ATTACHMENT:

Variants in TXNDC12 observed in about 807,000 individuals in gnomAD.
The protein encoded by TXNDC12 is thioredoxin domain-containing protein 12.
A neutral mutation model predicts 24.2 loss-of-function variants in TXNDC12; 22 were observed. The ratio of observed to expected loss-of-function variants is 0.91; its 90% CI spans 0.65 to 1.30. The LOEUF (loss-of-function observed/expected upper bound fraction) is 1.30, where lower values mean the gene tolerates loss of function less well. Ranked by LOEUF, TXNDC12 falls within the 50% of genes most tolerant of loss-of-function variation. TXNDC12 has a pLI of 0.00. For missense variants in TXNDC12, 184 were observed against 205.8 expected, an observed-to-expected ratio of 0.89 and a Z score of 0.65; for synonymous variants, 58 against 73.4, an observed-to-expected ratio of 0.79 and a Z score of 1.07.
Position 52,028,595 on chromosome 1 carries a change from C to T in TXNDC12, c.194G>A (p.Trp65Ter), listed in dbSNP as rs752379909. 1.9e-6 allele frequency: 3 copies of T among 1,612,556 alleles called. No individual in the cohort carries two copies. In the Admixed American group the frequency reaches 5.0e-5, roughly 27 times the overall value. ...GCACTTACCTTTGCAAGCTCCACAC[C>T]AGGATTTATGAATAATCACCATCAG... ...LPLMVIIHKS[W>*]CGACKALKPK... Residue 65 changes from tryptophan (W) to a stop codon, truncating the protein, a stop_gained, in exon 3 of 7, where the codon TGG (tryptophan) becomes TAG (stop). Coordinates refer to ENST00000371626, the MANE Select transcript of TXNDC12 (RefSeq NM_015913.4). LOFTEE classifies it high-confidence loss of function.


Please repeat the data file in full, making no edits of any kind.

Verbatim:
Variants in TXNDC12 observed in about 807,000 individuals in gnomAD.
The protein encoded by TXNDC12 is thioredoxin domain-containing protein 12.
A neutral mutation model predicts 24.2 loss-of-function variants in TXNDC12; 22 were observed. The ratio of observed to expected loss-of-function variants is 0.91; its 90% CI spans 0.65 to 1.30. The LOEUF (loss-of-function observed/expected upper bound fraction) is 1.30, where lower values mean the gene tolerates loss of function less well. Ranked by LOEUF, TXNDC12 falls within the 50% of genes most tolerant of loss-of-function variation. TXNDC12 has a pLI of 0.00. For missense variants in TXNDC12, 184 were observed against 205.8 expected, an observed-to-expected ratio of 0.89 and a Z score of 0.65; for synonymous variants, 58 against 73.4, an observed-to-expected ratio of 0.79 and a Z score of 1.07.
Position 52,028,595 on chromosome 1 carries a change from C to T in TXNDC12, c.194G>A (p.Trp65Ter), listed in dbSNP as rs752379909. 1.9e-6 allele frequency: 3 copies of T among 1,612,556 alleles called. No individual in the cohort carries two copies. In the Admixed American group the frequency reaches 5.0e-5, roughly 27 times the overall value. ...GCACTTACCTTTGCAAGCTCCACAC[C>T]AGGATTTATGAATAATCACCATCAG... ...LPLMVIIHKS[W>*]CGACKALKPK... Residue 65 changes from tryptophan (W) to a stop codon, truncating the protein, a stop_gained, in exon 3 of 7, where the codon TGG (tryptophan) becomes TAG (stop). Coordinates refer to ENST00000371626, the MANE Select transcript of TXNDC12 (RefSeq NM_015913.4). LOFTEE classifies it high-confidence loss of function.